If you commit $5,000 in earnest money on a home with a closing date of October 30… then complete your inspections, appraisal and obtain final loan approval… but for whatever reason the lender cannot produce your final closing document package until October 28… you are in huge trouble, because legally you cannot close (and the title company will not close the deal) until three business days have elapsed, which would be no earlier than October 31.

Problem is, the contract says you’re closing October 30.  If the seller wants to, he can keep your earnest money, cancel your contract and laugh all the way to the bank.  At which time you will hire a lawyer, sue your lender and go nuts over the government’s desire to “protect you”. 

So what if your earnest money is $50k, instead of $5k?  Too bad, it’s gone. 

What if you’re trying to sell your home so you can purchase an upleg property, with both deals scheduled to close on the same day?  If deal #1 has a compliance issue (at absolutely no fault of your own) and can’t close, then deal #2 is dead, too.  Both buyers potentially lose their earnest money. Call it the “Litigators Full Employment Act of 2015”.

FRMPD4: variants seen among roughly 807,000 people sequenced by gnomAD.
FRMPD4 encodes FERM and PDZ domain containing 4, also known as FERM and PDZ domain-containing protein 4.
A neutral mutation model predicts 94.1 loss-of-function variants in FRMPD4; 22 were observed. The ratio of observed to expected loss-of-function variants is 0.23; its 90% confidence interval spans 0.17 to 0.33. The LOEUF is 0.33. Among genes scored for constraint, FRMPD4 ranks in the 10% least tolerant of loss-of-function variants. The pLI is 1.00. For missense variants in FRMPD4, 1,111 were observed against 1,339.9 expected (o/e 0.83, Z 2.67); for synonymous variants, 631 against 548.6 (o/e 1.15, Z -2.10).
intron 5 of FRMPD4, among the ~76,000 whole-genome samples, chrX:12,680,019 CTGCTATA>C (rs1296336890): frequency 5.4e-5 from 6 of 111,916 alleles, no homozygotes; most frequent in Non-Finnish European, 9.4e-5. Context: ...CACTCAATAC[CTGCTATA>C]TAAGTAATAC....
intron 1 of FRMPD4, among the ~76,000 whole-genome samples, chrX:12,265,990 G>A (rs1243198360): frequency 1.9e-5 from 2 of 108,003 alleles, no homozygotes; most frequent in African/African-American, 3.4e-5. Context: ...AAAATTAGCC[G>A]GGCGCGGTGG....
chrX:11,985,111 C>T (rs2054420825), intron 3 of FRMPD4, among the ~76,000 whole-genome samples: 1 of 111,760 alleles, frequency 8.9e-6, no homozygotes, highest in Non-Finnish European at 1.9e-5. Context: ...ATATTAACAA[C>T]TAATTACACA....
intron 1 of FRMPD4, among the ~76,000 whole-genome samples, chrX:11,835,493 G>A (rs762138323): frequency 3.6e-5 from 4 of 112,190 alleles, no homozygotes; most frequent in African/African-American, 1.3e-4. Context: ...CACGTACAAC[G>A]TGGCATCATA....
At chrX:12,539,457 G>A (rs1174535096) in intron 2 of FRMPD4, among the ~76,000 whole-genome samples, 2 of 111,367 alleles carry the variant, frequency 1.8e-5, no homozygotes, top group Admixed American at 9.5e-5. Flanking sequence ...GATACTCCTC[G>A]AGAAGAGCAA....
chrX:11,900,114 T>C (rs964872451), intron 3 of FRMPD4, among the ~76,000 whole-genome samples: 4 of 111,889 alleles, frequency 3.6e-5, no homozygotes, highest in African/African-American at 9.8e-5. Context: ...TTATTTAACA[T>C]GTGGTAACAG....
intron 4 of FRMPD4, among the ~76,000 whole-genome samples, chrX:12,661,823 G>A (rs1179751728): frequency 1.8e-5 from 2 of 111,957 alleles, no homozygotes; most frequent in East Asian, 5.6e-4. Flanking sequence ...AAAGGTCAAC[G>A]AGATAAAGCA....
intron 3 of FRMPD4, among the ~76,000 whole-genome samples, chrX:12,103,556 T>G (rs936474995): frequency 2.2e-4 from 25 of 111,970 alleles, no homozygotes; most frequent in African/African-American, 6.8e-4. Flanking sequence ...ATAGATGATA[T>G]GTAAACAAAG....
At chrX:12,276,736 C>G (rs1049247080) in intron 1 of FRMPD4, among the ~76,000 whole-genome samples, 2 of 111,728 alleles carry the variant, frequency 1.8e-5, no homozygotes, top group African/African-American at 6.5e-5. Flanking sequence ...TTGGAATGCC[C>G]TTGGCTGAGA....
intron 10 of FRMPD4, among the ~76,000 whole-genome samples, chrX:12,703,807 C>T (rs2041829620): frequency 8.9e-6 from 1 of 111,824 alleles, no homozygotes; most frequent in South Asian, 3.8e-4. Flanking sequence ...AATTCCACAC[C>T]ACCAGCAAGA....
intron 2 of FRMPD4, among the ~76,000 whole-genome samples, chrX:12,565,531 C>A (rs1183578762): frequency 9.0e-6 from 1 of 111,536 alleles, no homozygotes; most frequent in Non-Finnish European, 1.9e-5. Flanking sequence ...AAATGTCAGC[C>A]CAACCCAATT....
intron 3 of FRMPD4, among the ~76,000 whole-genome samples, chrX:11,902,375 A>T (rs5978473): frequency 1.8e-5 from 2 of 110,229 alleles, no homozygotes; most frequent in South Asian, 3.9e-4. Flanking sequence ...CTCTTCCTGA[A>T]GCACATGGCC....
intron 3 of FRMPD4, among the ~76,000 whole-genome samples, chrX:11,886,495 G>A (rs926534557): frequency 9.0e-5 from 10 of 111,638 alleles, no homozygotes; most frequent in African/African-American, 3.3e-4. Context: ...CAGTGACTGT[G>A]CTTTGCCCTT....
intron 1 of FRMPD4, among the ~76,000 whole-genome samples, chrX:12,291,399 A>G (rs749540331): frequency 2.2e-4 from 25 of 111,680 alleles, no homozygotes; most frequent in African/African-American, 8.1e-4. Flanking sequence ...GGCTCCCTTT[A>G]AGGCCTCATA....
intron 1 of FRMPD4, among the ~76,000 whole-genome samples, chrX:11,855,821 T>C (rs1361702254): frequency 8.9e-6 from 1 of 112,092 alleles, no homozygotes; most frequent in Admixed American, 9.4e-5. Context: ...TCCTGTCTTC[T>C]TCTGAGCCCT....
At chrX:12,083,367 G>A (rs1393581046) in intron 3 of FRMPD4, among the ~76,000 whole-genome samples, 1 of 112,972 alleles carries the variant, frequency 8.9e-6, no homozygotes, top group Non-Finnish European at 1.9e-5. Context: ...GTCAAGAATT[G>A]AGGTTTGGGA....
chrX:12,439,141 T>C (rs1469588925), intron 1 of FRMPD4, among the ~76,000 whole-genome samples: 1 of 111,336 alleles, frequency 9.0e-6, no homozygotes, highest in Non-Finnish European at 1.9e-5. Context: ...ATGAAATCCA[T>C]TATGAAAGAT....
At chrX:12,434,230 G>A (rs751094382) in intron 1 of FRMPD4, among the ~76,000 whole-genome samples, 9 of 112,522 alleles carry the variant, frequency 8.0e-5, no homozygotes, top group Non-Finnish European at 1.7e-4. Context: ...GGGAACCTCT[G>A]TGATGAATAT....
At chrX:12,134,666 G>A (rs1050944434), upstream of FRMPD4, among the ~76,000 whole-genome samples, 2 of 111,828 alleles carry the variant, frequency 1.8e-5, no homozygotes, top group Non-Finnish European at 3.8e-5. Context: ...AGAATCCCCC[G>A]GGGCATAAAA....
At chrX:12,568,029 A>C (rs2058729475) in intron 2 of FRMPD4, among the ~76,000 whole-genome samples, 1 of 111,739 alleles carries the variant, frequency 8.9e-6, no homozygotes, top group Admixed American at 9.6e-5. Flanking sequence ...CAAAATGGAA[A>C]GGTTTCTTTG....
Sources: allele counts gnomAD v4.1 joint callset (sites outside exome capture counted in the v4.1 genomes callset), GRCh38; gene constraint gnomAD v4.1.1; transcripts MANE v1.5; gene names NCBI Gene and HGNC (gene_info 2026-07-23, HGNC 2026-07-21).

Realistically, the new regulations will add six to ten business days to the time required to do a loan, because there are also new “front end” disclosure requirements that the lender must meet. 

Going forward, when a buyer applies for financing, the lender will have three days to get initial disclosures to the buyer, with origination fees that cannot change after acceptance and other new “frozen” fees like appraisal and discount points.  Once accepted, these fees are firm, or the entire re-disclosure process must start over. 

When the lender sends out the initial disclosure package, the borrower will have 10 days to accept the terms.  If the buyer doesn’t sign an acknowledgement accepting the terms, the lender must generate new disclosures and the process starts over. 

So here’s some of how CFPB will change your real estate transaction.

First, the disclosure requirements and notification rules mean mortgage companies are going to have to hire more people.  That will raise costs.

Second, because appraisal fees cannot change once quoted (and some appraisals are more complicated than others), look for these fees to rise overall.  And look for appraisers to turn down challenging assignments, unless a higher appraisal fee has been quoted up front. 

Third, look for train wrecks, especially in the first few months.  Lenders will have trouble meeting these deadlines, and both Fannie Mae and Freddie Mac have made it clear that any loan which violates CFPB protocols will be ineligible for purchase on the secondary market.  So unless your lender has a few million dollars tucked away in an office drawer, don’t be looking for exceptions to these rules to be made.  It isn’t happening.